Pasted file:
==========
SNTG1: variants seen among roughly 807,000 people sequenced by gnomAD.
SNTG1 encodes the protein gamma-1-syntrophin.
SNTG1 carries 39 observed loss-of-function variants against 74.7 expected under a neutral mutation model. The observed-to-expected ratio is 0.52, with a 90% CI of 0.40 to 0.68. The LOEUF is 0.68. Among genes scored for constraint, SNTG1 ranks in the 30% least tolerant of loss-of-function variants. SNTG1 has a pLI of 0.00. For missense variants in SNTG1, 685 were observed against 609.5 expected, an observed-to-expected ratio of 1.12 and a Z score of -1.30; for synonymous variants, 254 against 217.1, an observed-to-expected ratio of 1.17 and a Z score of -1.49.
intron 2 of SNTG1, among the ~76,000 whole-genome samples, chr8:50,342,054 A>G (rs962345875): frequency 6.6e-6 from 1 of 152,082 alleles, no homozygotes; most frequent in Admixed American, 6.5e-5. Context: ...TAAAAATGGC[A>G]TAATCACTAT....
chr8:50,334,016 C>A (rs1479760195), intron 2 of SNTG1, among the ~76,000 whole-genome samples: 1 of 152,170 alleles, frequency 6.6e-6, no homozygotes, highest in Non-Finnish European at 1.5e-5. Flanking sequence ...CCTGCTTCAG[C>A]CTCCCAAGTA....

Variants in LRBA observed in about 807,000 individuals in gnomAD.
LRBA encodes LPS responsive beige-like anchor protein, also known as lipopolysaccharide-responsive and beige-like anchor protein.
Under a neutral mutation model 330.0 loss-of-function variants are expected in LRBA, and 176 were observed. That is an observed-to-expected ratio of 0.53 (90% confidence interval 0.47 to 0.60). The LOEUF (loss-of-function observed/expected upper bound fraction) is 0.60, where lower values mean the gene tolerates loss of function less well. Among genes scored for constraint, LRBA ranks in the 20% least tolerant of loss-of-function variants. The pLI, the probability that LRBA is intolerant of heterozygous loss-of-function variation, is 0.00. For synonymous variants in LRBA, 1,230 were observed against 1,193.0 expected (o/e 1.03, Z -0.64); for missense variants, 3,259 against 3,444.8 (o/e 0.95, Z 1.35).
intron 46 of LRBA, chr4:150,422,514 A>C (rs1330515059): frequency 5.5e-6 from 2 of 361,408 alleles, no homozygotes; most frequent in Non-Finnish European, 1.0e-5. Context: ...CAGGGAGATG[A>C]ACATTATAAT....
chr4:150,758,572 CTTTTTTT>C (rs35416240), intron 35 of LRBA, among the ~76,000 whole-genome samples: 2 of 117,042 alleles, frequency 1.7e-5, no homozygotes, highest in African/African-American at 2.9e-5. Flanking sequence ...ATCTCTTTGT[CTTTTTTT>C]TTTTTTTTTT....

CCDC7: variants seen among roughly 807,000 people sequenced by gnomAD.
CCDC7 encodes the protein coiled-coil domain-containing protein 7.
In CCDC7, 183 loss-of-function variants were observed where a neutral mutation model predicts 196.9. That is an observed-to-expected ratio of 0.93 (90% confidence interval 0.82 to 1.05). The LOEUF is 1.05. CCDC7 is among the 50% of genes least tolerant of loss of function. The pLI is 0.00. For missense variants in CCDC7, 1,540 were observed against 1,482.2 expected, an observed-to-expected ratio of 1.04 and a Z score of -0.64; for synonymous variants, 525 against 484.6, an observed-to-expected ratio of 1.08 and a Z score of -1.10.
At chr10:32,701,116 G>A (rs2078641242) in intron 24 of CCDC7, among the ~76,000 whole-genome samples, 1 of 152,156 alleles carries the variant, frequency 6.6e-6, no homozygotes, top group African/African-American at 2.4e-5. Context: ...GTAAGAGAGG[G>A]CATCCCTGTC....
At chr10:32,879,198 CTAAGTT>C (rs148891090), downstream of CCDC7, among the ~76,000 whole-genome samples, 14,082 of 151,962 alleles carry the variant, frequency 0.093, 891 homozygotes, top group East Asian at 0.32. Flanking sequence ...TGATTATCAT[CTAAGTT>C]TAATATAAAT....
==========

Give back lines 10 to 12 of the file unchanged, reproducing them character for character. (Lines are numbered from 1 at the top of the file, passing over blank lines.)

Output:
chr4:150,758,572 CTTTTTTT>C (rs35416240), intron 35 of LRBA, among the ~76,000 whole-genome samples: 2 of 117,042 alleles, frequency 1.7e-5, no homozygotes, highest in African/African-American at 2.9e-5. Flanking sequence ...ATCTCTTTGT[CTTTTTTT>C]TTTTTTTTTT....

CCDC7: variants seen among roughly 807,000 people sequenced by gnomAD.
CCDC7 encodes the protein coiled-coil domain-containing protein 7.